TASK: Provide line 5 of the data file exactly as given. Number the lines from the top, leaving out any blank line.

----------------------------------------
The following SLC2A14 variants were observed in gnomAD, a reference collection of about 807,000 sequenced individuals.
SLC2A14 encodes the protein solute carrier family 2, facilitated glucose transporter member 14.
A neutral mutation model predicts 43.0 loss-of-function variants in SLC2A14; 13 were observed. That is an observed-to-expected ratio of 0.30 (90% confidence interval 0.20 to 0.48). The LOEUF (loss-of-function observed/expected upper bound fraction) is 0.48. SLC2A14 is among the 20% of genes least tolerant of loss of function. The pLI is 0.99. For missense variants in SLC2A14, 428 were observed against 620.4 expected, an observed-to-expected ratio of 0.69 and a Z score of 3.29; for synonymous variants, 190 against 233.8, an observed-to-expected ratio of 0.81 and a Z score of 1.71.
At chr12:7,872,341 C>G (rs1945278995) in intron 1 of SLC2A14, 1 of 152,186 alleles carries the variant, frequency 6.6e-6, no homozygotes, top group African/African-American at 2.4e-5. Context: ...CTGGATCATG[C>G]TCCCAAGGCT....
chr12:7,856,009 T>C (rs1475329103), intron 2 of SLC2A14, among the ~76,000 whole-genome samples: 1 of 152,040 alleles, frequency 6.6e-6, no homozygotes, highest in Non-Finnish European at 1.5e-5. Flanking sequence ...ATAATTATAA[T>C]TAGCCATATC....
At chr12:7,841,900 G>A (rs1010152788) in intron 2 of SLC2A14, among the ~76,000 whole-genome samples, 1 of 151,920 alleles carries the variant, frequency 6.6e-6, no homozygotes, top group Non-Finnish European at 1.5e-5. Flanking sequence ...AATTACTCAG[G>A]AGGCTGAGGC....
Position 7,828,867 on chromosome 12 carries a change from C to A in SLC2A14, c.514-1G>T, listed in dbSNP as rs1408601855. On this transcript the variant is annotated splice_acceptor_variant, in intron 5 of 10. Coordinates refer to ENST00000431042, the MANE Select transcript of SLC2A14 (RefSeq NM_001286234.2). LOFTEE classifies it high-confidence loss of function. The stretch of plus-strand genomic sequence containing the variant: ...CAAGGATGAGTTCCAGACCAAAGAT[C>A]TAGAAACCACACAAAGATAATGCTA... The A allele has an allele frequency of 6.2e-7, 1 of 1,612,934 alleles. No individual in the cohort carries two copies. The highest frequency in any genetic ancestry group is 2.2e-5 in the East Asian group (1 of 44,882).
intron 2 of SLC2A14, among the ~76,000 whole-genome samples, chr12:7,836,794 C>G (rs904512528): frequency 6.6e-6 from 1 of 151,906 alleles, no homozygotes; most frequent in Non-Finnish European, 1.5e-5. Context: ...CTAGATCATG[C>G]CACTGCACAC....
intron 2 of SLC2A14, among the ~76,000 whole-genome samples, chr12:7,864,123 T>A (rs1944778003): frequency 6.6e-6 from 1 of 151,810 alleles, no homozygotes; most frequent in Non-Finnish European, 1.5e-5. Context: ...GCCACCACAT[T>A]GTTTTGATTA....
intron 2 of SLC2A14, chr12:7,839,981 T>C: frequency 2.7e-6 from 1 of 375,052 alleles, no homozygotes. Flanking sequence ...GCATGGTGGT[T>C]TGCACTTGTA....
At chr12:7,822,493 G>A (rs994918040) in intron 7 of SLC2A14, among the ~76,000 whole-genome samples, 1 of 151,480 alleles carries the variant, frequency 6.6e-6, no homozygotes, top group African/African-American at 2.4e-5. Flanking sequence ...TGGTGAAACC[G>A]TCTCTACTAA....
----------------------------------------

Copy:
chr12:7,856,009 T>C (rs1475329103), intron 2 of SLC2A14, among the ~76,000 whole-genome samples: 1 of 152,040 alleles, frequency 6.6e-6, no homozygotes, highest in Non-Finnish European at 1.5e-5. Flanking sequence ...ATAATTATAA[T>C]TAGCCATATC....